Why America’s Call for LGBTQ Rights is Insincere

California is the only state in the United States to ban the “Gay Panic” defense.
California is the only state in the United States to ban the “Gay Panic” defense. Source: Wikimedia Commons

Recently, a couple walking on the street was brutally beaten up for being gay. Under the region’s laws, their attackers were charged with temperate laws as opposed to harsh ones because LGBTQ discrimination is not punishable by law. It might be surprising to find out that this incident took place in the United States and not, as one might expect, a less-developed country or a politically repressive regime. The “Philadelphia Gay Bashing Incident” brought light to the gaping loophole that exists in Philadelphia hate crime laws. This loophole is a drop in the bucket of the prevailing laws which outright target LGBTQ community members like “pro-homo” laws and the “gay panic” defense which was only recently banned in California. The existence of these laws demolishes the myth of a progressive America and highlights the hypocrisy of the American media’s stance on gay rights issues.

During the 2014 Sochi Olympics, there was a huge outcry from Americans and the mainstream liberal media over Russia’s anti-gay laws. There were questions raised about the decision to send American athletes to a country that has a law that states: “Propaganda of homosexualism [sic] among minors is punishable by an administrative fine.” However, no media outlet debated similar laws in America itself. For example, in Utah and Arizona teachers are forbidden from casting homosexuality in a positive light; the statutory code specifically outlaws the promotion or “advocacy of homosexuality” in schools. Arizona State has legislatively determined that it is inappropriate to even suggest to children that there are “safe methods of homosexual sex.” Alabama and Texas mandate that sex-education classes emphasize that homosexuality is “not a lifestyle acceptable to the general public.” Additionally, Alabama and Texas laws even mandate that children be taught that “homosexual conduct is a criminal offense” even though criminalizing private, consensual homosexual conduct has been unconstitutional since 2003. This occurs even in more liberal states like Illinois. In April, a bill to ban sexual orientation conversion therapy for children under 18 failed to pass the state house by 44-51. Conversations about these laws are fairly scarce and frequently overshadowed by conversations about homophobic laws abroad. While the mainstream media and politicians maunder on about the danger to the LGBTQ community in Uganda, laws like the “gay panic” defense exist in 49 states of America and  lead to lethal consequences.

“Gay Panic” or “Trans Panic” is a legally recognized defense for those charged with assault or murder based on the claim that their actions were the result of “violent temporary insanity” stemming from a psychological condition known as “homosexual panic” or “trans panic.” Psychiatrist Edward J. Kempf, in 1920, first described these conditions as panic induced by unwanted homosexual advances. “Trans panic” is similar to “Homosexual panic” in the sense that its users claim temporary insanity upon finding out a transgender person’s assigned sex. These “disorders” are not accepted by most psychiatrists and psychologists as they are not backed up by any scientific research, qualitative studies, or analysis. However, they are a fairly popular defense in cases involving a homosexual or transgender victims.Most recently, this defense was used in the 2011 murder trial of Brandon McInerney, the fourteen-year-old boy who shot and killed his fifteen-year-old classmate Larry King . McInerney claimed that Larry King’s flirtatious behavior and advances goaded him into committing murder. Using the “gay panic” defense, he successfully reduced his charges from second-degree murder to involuntary manslaughter. Part of the reason why McInerney was able to settle on a lower charge was because the jury could not reach a verdict, making the first trial a mistrial. Probably its most famous use was in the case of Gwen Araujo, an eighteen-year-old transgender woman who was beaten to death by a group of men back in 2002.  The perpetrators used “trans panic” as a defense in the proceeding trial that resulted in a deadlocked jury; however, in the second trial, two of the men were convicted of second-degree murder while the third was able to successfully plead  “no contest” to voluntary manslaughter and was sentenced eleven years in prison.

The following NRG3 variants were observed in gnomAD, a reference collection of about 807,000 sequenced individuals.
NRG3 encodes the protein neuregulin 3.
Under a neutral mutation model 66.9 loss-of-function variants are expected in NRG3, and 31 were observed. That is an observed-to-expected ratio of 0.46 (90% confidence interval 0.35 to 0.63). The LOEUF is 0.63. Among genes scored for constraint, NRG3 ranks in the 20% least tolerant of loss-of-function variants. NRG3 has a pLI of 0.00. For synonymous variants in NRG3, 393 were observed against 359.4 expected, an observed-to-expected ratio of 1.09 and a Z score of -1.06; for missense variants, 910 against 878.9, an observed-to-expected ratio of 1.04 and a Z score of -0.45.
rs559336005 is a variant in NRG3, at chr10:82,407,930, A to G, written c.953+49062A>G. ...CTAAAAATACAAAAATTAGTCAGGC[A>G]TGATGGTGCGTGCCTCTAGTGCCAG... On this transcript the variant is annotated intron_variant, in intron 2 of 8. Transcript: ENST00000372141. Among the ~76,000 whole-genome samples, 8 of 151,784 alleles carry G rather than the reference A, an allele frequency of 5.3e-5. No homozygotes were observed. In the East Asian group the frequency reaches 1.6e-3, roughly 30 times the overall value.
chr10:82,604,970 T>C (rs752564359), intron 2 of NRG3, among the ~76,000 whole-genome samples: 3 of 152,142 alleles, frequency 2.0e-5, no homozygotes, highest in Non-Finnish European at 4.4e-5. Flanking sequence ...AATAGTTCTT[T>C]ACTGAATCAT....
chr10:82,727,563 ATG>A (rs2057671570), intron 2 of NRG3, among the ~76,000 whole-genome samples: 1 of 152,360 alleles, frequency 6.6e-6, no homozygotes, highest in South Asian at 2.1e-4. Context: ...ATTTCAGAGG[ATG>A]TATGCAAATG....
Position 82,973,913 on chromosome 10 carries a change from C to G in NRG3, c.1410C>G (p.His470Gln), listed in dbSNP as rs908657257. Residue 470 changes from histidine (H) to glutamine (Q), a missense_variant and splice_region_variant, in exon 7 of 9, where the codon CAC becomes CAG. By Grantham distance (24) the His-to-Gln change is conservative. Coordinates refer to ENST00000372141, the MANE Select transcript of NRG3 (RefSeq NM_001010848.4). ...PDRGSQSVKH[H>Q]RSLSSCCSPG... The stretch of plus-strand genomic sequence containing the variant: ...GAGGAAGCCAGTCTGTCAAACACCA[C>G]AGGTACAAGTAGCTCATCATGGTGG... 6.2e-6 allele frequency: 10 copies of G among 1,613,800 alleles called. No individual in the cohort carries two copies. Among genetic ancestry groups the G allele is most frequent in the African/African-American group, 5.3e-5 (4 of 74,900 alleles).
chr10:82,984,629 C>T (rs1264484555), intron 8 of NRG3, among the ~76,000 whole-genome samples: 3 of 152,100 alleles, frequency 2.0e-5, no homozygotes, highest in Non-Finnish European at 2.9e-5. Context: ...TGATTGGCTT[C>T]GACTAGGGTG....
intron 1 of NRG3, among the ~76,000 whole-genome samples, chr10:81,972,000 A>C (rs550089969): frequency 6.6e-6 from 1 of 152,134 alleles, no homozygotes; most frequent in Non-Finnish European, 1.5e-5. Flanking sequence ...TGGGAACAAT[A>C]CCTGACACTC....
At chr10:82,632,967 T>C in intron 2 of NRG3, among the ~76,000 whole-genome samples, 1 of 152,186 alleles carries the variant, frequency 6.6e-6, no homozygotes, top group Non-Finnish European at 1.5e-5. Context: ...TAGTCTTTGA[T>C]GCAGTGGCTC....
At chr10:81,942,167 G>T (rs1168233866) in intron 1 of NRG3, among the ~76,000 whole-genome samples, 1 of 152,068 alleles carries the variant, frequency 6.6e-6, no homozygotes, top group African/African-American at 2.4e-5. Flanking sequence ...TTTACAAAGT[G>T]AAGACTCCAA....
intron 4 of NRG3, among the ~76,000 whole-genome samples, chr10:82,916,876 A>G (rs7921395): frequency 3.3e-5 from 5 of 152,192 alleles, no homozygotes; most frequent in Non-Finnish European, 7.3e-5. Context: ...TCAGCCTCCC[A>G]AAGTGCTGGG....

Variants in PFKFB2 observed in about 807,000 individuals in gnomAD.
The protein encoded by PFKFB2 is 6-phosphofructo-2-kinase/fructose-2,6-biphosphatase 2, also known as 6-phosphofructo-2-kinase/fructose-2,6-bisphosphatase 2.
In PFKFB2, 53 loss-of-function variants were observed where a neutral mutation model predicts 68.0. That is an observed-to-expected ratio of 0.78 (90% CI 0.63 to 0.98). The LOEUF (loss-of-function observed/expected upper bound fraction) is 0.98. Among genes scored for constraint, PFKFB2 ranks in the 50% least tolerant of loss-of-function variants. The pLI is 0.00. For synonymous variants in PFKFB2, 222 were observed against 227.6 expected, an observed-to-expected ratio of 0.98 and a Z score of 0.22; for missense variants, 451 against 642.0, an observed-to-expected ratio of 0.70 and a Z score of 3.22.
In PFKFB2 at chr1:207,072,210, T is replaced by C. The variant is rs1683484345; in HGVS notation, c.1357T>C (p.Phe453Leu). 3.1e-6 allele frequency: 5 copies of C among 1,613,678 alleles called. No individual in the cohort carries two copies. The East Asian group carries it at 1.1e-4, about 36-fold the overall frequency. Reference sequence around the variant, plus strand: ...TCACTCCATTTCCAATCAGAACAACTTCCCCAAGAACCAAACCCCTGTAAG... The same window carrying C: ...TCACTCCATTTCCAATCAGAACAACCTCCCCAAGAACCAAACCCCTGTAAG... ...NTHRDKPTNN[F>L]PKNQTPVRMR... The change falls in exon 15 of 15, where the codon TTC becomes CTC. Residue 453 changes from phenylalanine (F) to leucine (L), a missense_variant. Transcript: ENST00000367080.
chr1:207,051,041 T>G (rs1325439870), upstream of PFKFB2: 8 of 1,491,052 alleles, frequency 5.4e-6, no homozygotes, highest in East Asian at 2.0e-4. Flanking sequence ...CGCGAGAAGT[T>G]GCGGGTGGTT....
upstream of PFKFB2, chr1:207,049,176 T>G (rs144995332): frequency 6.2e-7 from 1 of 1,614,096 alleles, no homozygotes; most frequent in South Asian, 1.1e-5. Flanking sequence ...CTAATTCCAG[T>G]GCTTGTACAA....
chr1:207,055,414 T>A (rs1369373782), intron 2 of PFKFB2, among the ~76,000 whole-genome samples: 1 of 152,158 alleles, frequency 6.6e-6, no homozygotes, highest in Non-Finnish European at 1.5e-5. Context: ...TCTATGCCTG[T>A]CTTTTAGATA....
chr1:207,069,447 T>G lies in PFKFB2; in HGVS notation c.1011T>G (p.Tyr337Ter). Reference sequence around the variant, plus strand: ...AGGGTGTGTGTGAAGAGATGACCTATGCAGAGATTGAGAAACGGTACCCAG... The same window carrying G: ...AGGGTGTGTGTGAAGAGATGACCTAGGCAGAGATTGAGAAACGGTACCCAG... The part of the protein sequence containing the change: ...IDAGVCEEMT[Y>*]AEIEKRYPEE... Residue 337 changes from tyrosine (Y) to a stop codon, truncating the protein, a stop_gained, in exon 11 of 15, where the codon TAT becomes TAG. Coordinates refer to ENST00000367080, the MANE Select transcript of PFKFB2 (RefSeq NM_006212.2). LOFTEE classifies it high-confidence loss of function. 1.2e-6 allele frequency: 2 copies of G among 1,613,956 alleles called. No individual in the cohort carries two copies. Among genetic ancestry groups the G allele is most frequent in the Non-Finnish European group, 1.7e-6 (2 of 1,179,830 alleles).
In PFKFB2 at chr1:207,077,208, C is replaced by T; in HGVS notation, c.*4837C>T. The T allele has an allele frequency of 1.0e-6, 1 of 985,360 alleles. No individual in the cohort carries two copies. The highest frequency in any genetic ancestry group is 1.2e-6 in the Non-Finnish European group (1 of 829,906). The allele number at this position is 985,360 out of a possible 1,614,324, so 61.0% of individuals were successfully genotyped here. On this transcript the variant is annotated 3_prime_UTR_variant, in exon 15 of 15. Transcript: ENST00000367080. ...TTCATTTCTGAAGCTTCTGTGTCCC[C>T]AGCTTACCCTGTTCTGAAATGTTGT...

California Governor Jerry Brown approved Assembly Bill 2501 in September, banning the use of “gay panic” or “trans panic” defenses in court. By signing this bill into law, Governor Jerry Brown eliminated the use of “fear” and “panic” as a justifiable cause for murder. Introduced by Democratic Assemblywoman Susan Bonita, the bill cleared the state assembly 50-10. By passing this law, California was the first state in the United States to ban “gay panic” or “trans panic” as a defense against murder or assault. Andrew Pham, the PR director of ‘Barangay LA’, a Los Angeles based LGBTQ advocacy group said that, “It is our hope that [other] states follow suit and recognize the importance of fair treatment of people as individuals, and not as a lower or detrimental body based on how they self-identify.” This passage has been praised by LGBTQ groups, many calling it “landmark” and “historic” while acknowledging that there is still work to be done.

Indeed, this is a concise reflection of the fact that in 49 states “Gay Panic” is still a legal defense and there is no active effort to change this status. While President Obama has taken some action for equal rights, such as signing an executive order in July forbidding discrimination against federal employees who happen to be a member of the LGBTQ community, this civil rights movement is certainly holding its breath for more.